India’s new Defence Procurement Procedure-2016 (DPP-2016), released in late March 2016, has been revised to address the concerns of micro, small and medium enterprises (MSMEs) in the defence industry and to ensure greater transparency. In particular, the new procurement policy aims to streamline the pace of procurement through the newly introduced ‘Indigenously Designed, Developed and Manufactured’ (IDDM) provisions, which are designed to encourage the participation of SMEs. While foreign direct investment (FDI) is capped at 49%, cases for higher FDI will be considered on a case to case basis.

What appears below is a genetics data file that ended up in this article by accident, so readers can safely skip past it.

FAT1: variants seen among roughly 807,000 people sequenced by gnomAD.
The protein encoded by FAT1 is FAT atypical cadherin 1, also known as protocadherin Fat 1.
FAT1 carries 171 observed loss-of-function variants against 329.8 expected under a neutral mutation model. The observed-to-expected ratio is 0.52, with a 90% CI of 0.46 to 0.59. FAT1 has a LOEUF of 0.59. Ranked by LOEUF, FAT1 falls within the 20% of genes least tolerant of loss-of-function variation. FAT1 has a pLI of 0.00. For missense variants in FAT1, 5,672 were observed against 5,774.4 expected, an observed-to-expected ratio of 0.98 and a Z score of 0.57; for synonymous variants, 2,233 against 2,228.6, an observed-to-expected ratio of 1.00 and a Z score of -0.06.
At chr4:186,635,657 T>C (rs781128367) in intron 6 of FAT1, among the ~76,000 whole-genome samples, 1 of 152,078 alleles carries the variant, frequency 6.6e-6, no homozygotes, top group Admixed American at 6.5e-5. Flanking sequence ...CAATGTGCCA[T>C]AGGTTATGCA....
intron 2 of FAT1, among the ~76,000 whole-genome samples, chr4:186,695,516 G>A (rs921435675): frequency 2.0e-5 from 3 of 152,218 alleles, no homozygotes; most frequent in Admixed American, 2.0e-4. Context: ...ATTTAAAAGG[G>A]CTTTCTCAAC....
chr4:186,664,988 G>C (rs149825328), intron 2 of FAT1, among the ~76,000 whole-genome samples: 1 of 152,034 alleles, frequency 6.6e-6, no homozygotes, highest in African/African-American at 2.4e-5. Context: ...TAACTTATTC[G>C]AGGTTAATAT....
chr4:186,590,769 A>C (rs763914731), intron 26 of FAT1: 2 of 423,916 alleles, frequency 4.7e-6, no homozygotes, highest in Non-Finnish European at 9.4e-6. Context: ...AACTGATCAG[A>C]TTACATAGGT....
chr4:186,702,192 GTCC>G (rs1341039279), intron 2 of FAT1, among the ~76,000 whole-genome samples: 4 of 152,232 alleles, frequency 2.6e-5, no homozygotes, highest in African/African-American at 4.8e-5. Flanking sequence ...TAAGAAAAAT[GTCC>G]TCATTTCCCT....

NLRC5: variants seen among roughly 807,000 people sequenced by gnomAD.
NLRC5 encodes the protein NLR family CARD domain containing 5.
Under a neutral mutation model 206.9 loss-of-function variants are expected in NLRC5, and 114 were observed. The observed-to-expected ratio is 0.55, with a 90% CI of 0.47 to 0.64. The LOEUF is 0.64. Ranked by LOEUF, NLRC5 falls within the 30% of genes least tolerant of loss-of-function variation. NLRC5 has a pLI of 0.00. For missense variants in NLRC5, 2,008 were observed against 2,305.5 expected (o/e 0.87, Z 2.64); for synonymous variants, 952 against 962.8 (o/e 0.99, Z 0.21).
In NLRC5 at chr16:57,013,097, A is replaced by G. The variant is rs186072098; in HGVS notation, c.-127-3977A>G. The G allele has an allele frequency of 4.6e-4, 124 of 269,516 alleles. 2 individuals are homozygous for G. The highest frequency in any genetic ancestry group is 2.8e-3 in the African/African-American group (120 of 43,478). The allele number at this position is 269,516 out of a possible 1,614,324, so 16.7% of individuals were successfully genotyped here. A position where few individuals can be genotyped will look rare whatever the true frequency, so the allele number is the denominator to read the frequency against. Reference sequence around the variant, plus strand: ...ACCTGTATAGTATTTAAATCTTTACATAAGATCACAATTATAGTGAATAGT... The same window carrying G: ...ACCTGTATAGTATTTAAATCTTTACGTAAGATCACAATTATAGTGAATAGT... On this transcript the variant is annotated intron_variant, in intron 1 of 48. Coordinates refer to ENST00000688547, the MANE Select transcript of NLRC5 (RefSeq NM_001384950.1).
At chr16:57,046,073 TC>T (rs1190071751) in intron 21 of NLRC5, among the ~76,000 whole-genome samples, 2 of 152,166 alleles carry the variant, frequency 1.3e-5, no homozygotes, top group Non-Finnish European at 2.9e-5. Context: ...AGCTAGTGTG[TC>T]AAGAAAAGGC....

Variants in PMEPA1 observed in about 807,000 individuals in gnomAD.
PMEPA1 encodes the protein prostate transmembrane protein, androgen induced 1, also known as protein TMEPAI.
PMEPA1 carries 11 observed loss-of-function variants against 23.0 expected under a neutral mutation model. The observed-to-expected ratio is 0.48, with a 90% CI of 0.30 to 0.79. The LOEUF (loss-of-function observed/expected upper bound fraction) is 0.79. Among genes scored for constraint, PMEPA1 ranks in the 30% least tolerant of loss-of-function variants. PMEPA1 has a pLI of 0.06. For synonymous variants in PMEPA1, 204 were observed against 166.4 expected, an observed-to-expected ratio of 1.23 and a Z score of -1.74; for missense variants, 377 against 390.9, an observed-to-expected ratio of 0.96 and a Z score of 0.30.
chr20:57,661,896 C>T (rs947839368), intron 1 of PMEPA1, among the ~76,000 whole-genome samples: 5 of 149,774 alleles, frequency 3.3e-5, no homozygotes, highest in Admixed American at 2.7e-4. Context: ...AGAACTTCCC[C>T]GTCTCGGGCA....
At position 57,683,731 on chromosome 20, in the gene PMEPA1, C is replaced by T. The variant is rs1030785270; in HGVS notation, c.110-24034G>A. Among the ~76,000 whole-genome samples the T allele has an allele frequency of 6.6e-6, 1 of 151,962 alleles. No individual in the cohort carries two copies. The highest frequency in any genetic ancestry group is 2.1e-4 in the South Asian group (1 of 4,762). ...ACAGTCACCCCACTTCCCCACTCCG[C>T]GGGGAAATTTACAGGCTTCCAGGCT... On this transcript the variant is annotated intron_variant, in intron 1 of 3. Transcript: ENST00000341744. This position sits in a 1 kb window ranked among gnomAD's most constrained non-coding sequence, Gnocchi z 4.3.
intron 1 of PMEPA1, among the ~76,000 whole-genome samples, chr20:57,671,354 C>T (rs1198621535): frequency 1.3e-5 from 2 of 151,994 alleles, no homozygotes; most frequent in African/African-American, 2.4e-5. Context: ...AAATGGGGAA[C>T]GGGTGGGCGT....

As of April 2016, some 48 naval vessels including two submarine rescue vessels and a large floating dock – with a total order value of around US$20 billion – were under construction or in the pre-production stage. The Indian Navy likes to point out that all of these – with the exception of the two British origin submarine rescue vehicles – are being built at Indian shipyards. Currently, naval shipbuilding is undertaken at five government (public sector) shipyards and four private sector shipyards who are relative newcomers to naval shipbuilding. However, the private shipyards – most of which seem to have financial troubles – only have around 5% of the existing orders on account of their recent entry into naval shipbuilding with relatively simple naval vessels – such as offshore patrol vessels and cadet training ships – with simple combat systems requiring a lower order outfitting and integration skills. On the other hand, private yards have received substantial orders from the Indian Coast Guard.